In 1985 the estimated population of giraffes in Africa was between 151,702 and 163,452 individuals. By 2015, this figure had reduced to an estimated 97,562, representing a population decline of 36-40% over three generations (30 years, 1985-2015). Giraffe populations are highly fragmented across Africa, and are subject to different pressures and threats specific to country and region. Overall, the number of giraffes in Africa is generally decreasing. However, there is local variation: populations in East Africa are generally decreasing; populations in southern Africa are generally increasing. In West Africa, the single population is increasing, but in Central Africa, the population is decreasing.
The most abundant subspecies of giraffe is G. c. tippelskirchi, followed by G. c. giraffa. Both subspecies account for almost half the giraffe population in Africa. Of the nine currently recognised subspecies, four are increasing (G. c. angolensis, G. c. giraffa, G. c. peralta, G. c. rothschildi), four are decreasing (G. c. antiquorum, G. c. camelopardalis, G. c. reticulata, G. c. tippelskirchi), and one is stable (G. c. thornicrofti) (IUCN Red List assessment, Giraffa camelopardalis).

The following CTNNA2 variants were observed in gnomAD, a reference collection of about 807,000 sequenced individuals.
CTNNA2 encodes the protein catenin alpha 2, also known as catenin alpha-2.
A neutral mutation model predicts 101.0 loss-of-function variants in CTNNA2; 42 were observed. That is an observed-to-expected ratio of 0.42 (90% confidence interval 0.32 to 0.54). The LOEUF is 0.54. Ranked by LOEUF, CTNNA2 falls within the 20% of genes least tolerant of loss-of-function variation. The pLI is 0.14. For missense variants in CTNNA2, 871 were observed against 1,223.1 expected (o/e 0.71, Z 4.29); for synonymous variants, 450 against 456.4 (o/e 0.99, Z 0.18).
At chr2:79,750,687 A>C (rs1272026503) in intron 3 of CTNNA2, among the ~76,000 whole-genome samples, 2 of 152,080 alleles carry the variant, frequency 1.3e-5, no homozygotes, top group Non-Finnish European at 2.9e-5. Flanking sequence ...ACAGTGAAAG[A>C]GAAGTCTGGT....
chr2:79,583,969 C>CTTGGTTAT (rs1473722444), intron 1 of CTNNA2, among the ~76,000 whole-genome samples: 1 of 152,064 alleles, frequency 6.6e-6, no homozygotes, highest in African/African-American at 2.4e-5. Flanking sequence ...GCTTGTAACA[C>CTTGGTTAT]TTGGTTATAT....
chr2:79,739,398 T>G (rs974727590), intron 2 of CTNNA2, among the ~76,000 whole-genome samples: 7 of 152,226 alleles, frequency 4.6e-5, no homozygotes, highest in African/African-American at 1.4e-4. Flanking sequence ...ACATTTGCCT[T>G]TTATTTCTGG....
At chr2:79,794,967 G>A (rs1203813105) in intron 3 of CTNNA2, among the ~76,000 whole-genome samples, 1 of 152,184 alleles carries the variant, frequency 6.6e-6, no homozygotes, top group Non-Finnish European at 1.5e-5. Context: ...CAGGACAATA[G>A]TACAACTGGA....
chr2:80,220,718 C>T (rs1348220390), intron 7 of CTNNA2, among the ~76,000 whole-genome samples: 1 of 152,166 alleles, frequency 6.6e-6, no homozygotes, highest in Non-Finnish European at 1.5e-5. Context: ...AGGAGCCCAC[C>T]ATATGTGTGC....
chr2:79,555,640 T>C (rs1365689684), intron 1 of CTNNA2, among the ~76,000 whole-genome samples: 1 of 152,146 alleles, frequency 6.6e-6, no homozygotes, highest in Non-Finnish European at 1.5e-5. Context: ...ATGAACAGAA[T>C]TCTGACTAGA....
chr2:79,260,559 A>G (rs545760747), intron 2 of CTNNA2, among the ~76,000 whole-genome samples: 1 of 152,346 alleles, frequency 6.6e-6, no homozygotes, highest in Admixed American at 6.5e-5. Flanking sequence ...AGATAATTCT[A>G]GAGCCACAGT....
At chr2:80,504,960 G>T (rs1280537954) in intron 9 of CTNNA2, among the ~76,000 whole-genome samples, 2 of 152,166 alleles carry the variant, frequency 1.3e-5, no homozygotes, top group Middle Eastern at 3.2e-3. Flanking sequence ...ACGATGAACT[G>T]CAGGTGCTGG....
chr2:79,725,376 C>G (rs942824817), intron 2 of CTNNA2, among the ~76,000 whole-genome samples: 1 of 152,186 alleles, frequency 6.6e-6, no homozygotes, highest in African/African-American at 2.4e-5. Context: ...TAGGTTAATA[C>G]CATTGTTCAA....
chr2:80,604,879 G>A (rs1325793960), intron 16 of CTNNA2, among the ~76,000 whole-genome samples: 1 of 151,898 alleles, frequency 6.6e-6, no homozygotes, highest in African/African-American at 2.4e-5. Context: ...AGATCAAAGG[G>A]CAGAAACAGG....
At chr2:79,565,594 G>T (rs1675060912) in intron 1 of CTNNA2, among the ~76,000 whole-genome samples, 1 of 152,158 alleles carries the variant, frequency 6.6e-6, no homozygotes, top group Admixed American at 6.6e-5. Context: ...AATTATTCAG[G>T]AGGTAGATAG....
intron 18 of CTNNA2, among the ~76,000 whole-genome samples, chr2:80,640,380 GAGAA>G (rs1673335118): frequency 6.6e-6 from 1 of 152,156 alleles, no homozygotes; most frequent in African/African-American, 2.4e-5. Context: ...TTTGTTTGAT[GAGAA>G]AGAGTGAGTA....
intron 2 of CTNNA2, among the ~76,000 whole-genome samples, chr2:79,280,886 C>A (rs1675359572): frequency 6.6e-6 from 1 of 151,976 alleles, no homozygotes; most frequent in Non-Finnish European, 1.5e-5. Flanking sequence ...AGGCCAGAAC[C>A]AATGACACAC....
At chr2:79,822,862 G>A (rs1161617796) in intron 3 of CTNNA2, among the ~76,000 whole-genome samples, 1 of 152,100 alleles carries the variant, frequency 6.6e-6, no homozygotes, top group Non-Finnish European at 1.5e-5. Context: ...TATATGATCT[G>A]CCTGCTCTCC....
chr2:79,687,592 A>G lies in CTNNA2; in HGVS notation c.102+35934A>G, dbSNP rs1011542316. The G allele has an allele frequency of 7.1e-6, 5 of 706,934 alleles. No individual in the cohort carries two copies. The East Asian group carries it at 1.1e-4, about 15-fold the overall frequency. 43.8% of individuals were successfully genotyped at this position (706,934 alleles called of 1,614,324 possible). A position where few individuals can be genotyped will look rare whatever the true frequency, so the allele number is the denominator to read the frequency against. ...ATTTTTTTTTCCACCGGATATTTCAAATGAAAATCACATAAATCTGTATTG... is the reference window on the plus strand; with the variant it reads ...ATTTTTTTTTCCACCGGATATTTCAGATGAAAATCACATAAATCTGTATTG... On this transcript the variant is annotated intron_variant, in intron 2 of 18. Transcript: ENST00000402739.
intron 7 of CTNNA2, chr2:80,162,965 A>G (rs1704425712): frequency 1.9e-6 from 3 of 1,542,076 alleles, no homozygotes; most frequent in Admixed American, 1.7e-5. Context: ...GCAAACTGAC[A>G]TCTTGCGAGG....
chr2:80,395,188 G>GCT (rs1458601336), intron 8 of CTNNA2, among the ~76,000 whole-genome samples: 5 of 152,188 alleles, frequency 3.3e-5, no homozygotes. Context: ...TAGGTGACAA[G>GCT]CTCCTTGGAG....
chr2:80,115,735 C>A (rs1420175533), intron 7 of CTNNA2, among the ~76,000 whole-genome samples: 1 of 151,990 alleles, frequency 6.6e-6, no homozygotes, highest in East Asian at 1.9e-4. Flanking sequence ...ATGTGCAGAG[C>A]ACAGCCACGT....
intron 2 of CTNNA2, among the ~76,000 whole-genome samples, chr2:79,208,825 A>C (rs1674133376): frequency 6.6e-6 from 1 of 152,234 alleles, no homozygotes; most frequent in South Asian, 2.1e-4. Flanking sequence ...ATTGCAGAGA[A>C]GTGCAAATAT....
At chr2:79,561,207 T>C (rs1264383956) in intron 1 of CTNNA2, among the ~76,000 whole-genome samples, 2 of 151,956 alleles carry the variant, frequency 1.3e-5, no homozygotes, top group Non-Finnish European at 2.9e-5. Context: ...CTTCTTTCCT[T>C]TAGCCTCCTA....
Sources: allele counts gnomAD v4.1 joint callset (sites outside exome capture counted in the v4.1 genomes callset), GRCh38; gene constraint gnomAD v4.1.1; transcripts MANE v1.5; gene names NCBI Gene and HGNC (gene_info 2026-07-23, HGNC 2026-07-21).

Limited research has been undertaken on giraffe across Africa. In 2015, the giraffe was listed as ‘Vulnerable’ on the IUCN Red List of Threatened Species. Subspecies assessments are currently underway.